A day in the Life of a Wedding Photographer

The purpose of this blog post is to showcase what the day looks like for a wedding photographer. The blog post seeks to help photographers know what to expect and how to execute a wedding session.

Have you ever wondered what it would be like to shoot a wedding?

Weddings are a serious matter—the real deal—and you don’t get any second chances. That’s why you need to be prepared, organized and know your stuff!

The day before the Wedding

  1. Gather all your gear and make sure camera batteries are charging, flash batteries are charging, quickly clean my lenses, and clear all my cards.

Morning of the Wedding

  1. The gear is packed and in the car. Double-check that everything is there and batteries and cards are back in the camera bag and not still charging in the house!
  2. Snacks are packed.
  3. Dressed to impress, looking professional ready for a wedding. Imagine yourself as a guest; make sure you dress the part! In my company, no jeans, t-shirts, or anything else that looks sloppy. You’re representing yourself and your brand; make sure you look good!

Groom Coverage (1 Hour – 1.5 Hours)

Groom photos go by FAST. Grooms tend to get ready quickly and will often time be greeting guests as the bride gets ready.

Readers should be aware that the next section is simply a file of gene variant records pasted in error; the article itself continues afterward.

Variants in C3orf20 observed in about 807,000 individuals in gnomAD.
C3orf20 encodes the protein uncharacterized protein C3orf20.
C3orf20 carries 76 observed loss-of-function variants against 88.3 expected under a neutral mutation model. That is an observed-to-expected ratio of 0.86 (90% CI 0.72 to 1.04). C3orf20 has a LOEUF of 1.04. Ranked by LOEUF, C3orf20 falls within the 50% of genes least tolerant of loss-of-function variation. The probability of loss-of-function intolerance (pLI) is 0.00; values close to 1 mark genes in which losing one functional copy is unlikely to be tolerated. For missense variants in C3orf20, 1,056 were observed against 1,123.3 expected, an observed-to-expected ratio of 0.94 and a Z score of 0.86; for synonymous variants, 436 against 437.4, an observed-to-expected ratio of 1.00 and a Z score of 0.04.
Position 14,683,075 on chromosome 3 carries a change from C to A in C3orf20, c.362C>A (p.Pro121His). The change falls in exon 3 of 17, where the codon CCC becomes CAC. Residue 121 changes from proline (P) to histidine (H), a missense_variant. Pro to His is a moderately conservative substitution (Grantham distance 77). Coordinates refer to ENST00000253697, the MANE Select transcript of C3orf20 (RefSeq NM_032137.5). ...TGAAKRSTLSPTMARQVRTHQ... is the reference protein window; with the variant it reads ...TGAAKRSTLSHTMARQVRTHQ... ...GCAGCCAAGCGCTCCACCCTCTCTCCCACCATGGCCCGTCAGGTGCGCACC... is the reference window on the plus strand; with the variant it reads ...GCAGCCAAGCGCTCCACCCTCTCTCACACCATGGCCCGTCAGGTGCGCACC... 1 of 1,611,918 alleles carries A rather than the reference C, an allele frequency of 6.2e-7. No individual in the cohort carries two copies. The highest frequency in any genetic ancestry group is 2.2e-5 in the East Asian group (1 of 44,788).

1. Pay attention to details.
  2. Boys getting ready
  3. Combos with groomsmen and individuals
  4. A ‘cheers’ serious with some beer, scotch, or whatever their poison!
  5. Family shots, all different combos

Bride Coverage (1 Hour – 1.5 Hours)

Bride photos are tricky, to say the least. Most bridesmaids are not fully ready, meaning they are getting glam too. It has been a rare sight to see bridesmaids ready and helping the bride with their actual outfits.

  1. Please take pictures of the accessories before the bride wears her dress.
  2. Details on the bride getting her makeup done.
  3. Photos of bridesmaids helping the bride get ready. The family and parents of the bride are welcome to join.
  4. Photos of the bridesmaids and the bride are more common at this time.
  5. Get some beautiful portraits of the bride near the window and on the bed.

Ceremony

  1. Bride walking in and, almost more importantly, the groom’s reaction!
  2. A nice wide-angle shot of the church/location from the back.
  3. Close up of each of them saying their vows.
  4. If you can get it, get a close up (with a long lens) of the rings going on the finger.
  5. Keep a close eye on the parents; if they shed a tear, make sure you get it!
  6. THE KISS! I tend to ask the couple to hold for the kiss; some will kiss sideways; some will kiss side to side. I, personally, cannot miss this shot.
  7. Get some shots of the family cheering; best if you know, get photos of them with their guest in the background.
  8. Lastly, I love walking out (backward) with the bride and groom taking shots as they walk through the cheering crowd.

Congratulations Shots

  1. General wide angle shots to show the atmosphere and size of the crowd
  2. Close ups of the couple being congratulated by their parents and siblings
  3. I make an effort to run around the crowd and get photos of people in groups as a family or a group of friends.

The Group Shots